I’ve passed the yellow brick building at 1304 Broadway no telling how many times, but I never stopped to look at it closely, and I certainly was never in it. I vaguely remember it being some kind of international food store for awhile.
Like so many of Cape’s other older buildings, it has had an interesting past, with many familiar names popping up in news stories and briefs associated with that address. It was built between 1923 and 1928 by Dr. J.F. Riddle of Bernie who lived in Cape for about five years before moving back to Bernie.
Judge Joseph L. Moore and his family moved into the house in 1931, and lived there until the kids grew up and they went looking for a smaller place in 1937. The next residents were Albert M. Spradling, described in early stories as “an attorney,” and the father of future Senator A.M. Spradling, Jr.
In the early 1960s, Hartford’s Gift Shop moved into the property. By the 1970s, the Jim Haman family occupied the dwelling. After that, it gets a little muddy. Global Trading, an international grocery was established in 1986. The grocery and the city got into a legal tussle over eminent domain when Broadway was widened. I didn’t see a story about the outcome, but I note that the building seems to be unoccupied now.
The Riddle – Moore years
All stories are from The Southeast Missourian, except as noted.
- February 5, 1931 – Mr. and Mrs. Joseph L. Moore moved Wednesday from 1402 Bessie Street to 1304 Broadway. Mr. Moore is a referee in bankruptcy.
- June 7, 1932 – Ella Haw Johnson, 6, has returned to her home at Farmington after a visit with her little cousin, Patricia Grubb, 1304 Broadway.
- June 18, 1932 – Mrs. Paul A. Reardon of Knoxville, Tenn., is here to be a guest for possibly three weeks at the home of her parents, Judge and Mrs. Joseph L. Moore, 1304 Broadway.
- February 27, 1933 – The fourth blaze [of the weekend] was at 9:12 Sunday night at the dwelling of Judge Joseph L. Moore, 1304 Broadway, where a flue burned out.
- October 25, 1933 – Judge J.L. Moore and daughter, Miss Anna Lee Moore, 1304 Broadway, left today for Chicago and will be at the fair until Monday. Judge Moore attended the other world’s fair in Chicago, held 40 years ago.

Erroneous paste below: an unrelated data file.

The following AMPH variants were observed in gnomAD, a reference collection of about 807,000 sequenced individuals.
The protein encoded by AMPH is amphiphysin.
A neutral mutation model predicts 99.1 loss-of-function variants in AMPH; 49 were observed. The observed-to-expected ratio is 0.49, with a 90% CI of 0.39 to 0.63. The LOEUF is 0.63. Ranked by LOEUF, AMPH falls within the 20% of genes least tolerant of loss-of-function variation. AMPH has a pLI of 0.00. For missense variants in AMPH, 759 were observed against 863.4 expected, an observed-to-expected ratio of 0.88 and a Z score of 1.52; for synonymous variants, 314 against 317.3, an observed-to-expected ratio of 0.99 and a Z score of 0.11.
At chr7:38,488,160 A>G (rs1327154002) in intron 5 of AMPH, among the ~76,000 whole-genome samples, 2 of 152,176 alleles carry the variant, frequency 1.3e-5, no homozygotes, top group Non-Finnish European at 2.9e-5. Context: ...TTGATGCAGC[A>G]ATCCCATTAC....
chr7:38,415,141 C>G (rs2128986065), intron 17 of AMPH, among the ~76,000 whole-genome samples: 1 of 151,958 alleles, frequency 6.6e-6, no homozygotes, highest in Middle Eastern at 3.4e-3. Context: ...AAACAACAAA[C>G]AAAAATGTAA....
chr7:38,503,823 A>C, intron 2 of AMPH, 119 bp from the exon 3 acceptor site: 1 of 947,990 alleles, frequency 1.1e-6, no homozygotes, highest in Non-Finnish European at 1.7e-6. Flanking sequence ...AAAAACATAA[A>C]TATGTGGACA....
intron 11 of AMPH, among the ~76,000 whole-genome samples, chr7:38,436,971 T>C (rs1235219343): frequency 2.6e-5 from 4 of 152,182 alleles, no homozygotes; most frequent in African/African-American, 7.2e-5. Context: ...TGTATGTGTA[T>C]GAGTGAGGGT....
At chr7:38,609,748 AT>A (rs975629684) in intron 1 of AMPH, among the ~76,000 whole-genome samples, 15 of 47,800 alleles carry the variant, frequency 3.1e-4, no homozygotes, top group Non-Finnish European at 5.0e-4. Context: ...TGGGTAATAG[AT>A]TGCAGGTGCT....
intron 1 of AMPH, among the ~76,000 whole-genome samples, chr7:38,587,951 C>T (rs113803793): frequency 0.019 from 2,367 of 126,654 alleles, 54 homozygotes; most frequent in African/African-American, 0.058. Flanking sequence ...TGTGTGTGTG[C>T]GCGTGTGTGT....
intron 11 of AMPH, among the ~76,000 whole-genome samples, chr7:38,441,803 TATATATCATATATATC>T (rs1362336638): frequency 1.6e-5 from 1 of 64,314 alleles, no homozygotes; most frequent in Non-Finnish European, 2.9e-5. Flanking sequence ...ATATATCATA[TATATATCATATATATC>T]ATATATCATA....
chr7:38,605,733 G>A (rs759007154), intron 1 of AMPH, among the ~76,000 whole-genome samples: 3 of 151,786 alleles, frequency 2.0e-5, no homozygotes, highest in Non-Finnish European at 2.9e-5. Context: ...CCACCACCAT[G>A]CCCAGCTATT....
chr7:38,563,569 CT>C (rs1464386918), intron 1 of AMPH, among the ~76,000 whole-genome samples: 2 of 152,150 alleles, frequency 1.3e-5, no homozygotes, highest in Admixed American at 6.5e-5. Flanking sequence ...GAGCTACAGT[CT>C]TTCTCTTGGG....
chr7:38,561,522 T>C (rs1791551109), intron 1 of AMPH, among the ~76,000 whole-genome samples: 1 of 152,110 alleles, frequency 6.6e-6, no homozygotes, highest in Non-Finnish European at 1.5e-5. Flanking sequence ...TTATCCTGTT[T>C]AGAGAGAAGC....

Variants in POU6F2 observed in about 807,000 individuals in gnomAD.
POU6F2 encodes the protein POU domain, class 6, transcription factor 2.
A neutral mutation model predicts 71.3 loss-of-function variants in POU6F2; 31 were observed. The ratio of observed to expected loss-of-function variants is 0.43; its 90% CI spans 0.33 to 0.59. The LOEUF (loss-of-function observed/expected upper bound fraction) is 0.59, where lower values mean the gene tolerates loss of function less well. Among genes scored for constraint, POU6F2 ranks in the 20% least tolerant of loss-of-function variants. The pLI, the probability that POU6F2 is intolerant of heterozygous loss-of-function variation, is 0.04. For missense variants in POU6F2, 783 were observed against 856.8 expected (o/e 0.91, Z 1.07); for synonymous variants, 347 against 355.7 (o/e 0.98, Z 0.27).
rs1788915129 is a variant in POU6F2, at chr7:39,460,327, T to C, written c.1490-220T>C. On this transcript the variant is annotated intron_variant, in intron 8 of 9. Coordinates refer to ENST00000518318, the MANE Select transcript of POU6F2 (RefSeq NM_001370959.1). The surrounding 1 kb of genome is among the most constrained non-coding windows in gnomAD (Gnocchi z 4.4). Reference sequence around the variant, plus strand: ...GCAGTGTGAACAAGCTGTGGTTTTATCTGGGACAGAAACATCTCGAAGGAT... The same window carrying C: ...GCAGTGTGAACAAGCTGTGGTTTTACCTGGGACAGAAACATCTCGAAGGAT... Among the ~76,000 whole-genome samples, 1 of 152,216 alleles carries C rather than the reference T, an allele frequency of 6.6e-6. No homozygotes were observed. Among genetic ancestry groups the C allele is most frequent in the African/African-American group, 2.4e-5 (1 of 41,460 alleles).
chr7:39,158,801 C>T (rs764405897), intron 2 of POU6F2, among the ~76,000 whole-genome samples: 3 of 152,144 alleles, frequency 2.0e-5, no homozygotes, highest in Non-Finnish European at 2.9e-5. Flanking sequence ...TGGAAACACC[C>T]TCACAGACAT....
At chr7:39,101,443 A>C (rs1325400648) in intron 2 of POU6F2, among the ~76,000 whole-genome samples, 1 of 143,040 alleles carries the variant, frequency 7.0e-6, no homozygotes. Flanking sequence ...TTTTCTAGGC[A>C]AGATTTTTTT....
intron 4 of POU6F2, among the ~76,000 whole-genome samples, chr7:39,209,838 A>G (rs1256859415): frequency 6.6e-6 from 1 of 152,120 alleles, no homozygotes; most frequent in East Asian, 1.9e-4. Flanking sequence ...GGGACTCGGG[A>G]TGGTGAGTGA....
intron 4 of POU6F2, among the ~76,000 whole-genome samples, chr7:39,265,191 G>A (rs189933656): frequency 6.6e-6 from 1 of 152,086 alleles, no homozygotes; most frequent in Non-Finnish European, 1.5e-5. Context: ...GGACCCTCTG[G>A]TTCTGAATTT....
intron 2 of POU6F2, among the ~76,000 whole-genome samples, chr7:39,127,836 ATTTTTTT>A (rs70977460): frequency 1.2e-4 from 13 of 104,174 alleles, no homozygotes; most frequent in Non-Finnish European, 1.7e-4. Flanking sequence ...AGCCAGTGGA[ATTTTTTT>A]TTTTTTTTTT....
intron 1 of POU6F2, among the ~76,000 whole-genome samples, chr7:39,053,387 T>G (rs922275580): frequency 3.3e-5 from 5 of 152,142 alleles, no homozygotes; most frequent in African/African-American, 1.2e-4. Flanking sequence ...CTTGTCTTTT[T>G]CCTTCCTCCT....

- Feb. 29, 1936 – Miss Anna Haw of Farmington is visiting her sister, Mrs. W.H. Wescoat, 1417 Themis Street, and Mrs. Joseph L. Moore, 1304 Broadway. She will be here several weeks.
- October 31, 1936 – Dr. J.F. Riddle, 68 years old, of Bernie, formerly of Cape Girardeau, died of diabetes at a hospital in Poplar Bluff at 5 a.m. after being a patient there for two weeks. Dr. Riddle practiced medicine until he became ill, and managed his farm land near Bernie and real estate he owned in that town. The Riddle family moved to Cape Girardeau from Bernie in 1923 and resided here for five years. They lived for a time on Good Hope Street then built a dwelling at 1304 Broadway and lived there until they moved back to Bernie.
- December 28, 1936 – Mr. and Mrs. Joe L. Moore, 1304 Broadway, have received word of the birth of a son to Mr. and Mrs. Paul A. Reardon of Knoxville, Tenn., Christmas day. Mrs. Reardon, formerly Miss Martha Moore, is a daughter of Mr. and Mrs. Moore. Mr. Reardon is connected with the TVA development.
- May 31, 1937 – The condition of Joseph L. Moore, 1304 Broadway, was reported slightly improved today, but he is not yet permitted to have visitors other than relatives. He had a slight temperature today but was able to take a little nourishment. Mr. Moore has been ill 10 days.
- October 1, 1937 – Judge J.L. Moore, who with Mrs. Moore was getting settled at 626 South Benton Street, moving from 1304 Broadway, said he found it a difficult task locating a vacant dwelling. He stated that he feared for a time they would have to move out of the city to locate a place to live. Judge Moore spent more than a month casually looking for a house then put in two down right busy weeks on the search. The dwelling on Broadway was too large, none of the Moores’ sons and daughters being at home at present. They moved there in February, 1931, and had spent the last 6-1/2 years at that location.
The Spradling Era
- August 29, 1938 – Members of the Teens Club, of which she is a member, and extra guests, who were Miss Margaret Bohnsack, Miss Helen Hosea and Miss Betty Hunt, the latter of Salem, Ill., were entertained in honor of Miss Margaret Spradling Saturday night by her mother, Mrs. A.M. Spradling, at their home, 1304 Broadway. The honoree was 15 years old that day. Miss Virginia Waller assisted with the party. Prizes and tallies carried out a Mexican motif at three tables of hearts, and the prizes were won by Misses Betty Shaner, Jean Chatham and Margaret Bohnsack.
- March 22, 1939 – Albert M. Spradling, 1304 Broadway, an attorney, is improving at the Missouri Pacific Hospital in St. Louis, Mrs. Spradling said today. He is a patient there for treatment of an inflamed condition of his eyes, which has not yet been fully diagnosed, although various tests have been made.